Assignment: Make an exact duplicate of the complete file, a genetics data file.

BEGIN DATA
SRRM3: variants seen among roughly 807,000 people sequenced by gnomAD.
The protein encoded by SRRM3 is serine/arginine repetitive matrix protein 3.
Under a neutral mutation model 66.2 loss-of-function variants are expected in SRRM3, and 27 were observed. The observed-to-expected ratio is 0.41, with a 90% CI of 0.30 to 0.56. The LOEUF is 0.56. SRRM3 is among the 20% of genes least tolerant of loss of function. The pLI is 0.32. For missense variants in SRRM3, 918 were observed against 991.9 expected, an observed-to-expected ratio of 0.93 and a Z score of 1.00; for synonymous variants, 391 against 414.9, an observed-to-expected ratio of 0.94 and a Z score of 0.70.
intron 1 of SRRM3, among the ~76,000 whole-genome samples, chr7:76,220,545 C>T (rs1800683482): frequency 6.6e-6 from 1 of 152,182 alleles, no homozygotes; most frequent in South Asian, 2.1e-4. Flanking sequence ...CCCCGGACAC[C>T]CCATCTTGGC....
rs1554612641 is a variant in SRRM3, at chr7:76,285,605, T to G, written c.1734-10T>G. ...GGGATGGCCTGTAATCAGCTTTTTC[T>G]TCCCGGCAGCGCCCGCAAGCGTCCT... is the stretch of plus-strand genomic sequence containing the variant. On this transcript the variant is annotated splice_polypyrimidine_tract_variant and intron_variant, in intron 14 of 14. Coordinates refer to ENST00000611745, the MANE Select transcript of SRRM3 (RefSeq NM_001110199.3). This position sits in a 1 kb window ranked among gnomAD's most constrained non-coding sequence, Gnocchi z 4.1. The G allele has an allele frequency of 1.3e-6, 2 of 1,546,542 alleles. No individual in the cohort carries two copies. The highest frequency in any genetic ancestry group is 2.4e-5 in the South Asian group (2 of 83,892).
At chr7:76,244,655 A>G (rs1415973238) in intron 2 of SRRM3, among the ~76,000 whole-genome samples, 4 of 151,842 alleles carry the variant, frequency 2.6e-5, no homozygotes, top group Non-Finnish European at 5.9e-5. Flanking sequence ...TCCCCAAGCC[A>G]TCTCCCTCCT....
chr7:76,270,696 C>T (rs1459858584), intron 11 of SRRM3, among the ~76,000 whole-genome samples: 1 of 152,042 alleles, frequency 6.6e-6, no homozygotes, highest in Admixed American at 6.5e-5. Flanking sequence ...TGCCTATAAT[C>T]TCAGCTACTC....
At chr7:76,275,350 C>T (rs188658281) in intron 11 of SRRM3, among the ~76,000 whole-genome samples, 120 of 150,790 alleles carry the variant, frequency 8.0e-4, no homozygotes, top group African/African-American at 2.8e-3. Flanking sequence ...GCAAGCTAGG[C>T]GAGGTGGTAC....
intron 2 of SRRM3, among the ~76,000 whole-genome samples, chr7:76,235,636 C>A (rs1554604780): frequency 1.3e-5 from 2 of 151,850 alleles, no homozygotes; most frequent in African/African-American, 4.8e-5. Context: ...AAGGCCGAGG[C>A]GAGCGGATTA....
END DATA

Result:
SRRM3: variants seen among roughly 807,000 people sequenced by gnomAD.
The protein encoded by SRRM3 is serine/arginine repetitive matrix protein 3.
Under a neutral mutation model 66.2 loss-of-function variants are expected in SRRM3, and 27 were observed. The observed-to-expected ratio is 0.41, with a 90% CI of 0.30 to 0.56. The LOEUF is 0.56. SRRM3 is among the 20% of genes least tolerant of loss of function. The pLI is 0.32. For missense variants in SRRM3, 918 were observed against 991.9 expected, an observed-to-expected ratio of 0.93 and a Z score of 1.00; for synonymous variants, 391 against 414.9, an observed-to-expected ratio of 0.94 and a Z score of 0.70.
intron 1 of SRRM3, among the ~76,000 whole-genome samples, chr7:76,220,545 C>T (rs1800683482): frequency 6.6e-6 from 1 of 152,182 alleles, no homozygotes; most frequent in South Asian, 2.1e-4. Flanking sequence ...CCCCGGACAC[C>T]CCATCTTGGC....
rs1554612641 is a variant in SRRM3, at chr7:76,285,605, T to G, written c.1734-10T>G. ...GGGATGGCCTGTAATCAGCTTTTTC[T>G]TCCCGGCAGCGCCCGCAAGCGTCCT... is the stretch of plus-strand genomic sequence containing the variant. On this transcript the variant is annotated splice_polypyrimidine_tract_variant and intron_variant, in intron 14 of 14. Coordinates refer to ENST00000611745, the MANE Select transcript of SRRM3 (RefSeq NM_001110199.3). This position sits in a 1 kb window ranked among gnomAD's most constrained non-coding sequence, Gnocchi z 4.1. The G allele has an allele frequency of 1.3e-6, 2 of 1,546,542 alleles. No individual in the cohort carries two copies. The highest frequency in any genetic ancestry group is 2.4e-5 in the South Asian group (2 of 83,892).
At chr7:76,244,655 A>G (rs1415973238) in intron 2 of SRRM3, among the ~76,000 whole-genome samples, 4 of 151,842 alleles carry the variant, frequency 2.6e-5, no homozygotes, top group Non-Finnish European at 5.9e-5. Flanking sequence ...TCCCCAAGCC[A>G]TCTCCCTCCT....
chr7:76,270,696 C>T (rs1459858584), intron 11 of SRRM3, among the ~76,000 whole-genome samples: 1 of 152,042 alleles, frequency 6.6e-6, no homozygotes, highest in Admixed American at 6.5e-5. Flanking sequence ...TGCCTATAAT[C>T]TCAGCTACTC....
At chr7:76,275,350 C>T (rs188658281) in intron 11 of SRRM3, among the ~76,000 whole-genome samples, 120 of 150,790 alleles carry the variant, frequency 8.0e-4, no homozygotes, top group African/African-American at 2.8e-3. Flanking sequence ...GCAAGCTAGG[C>T]GAGGTGGTAC....
intron 2 of SRRM3, among the ~76,000 whole-genome samples, chr7:76,235,636 C>A (rs1554604780): frequency 1.3e-5 from 2 of 151,850 alleles, no homozygotes; most frequent in African/African-American, 4.8e-5. Context: ...AAGGCCGAGG[C>A]GAGCGGATTA....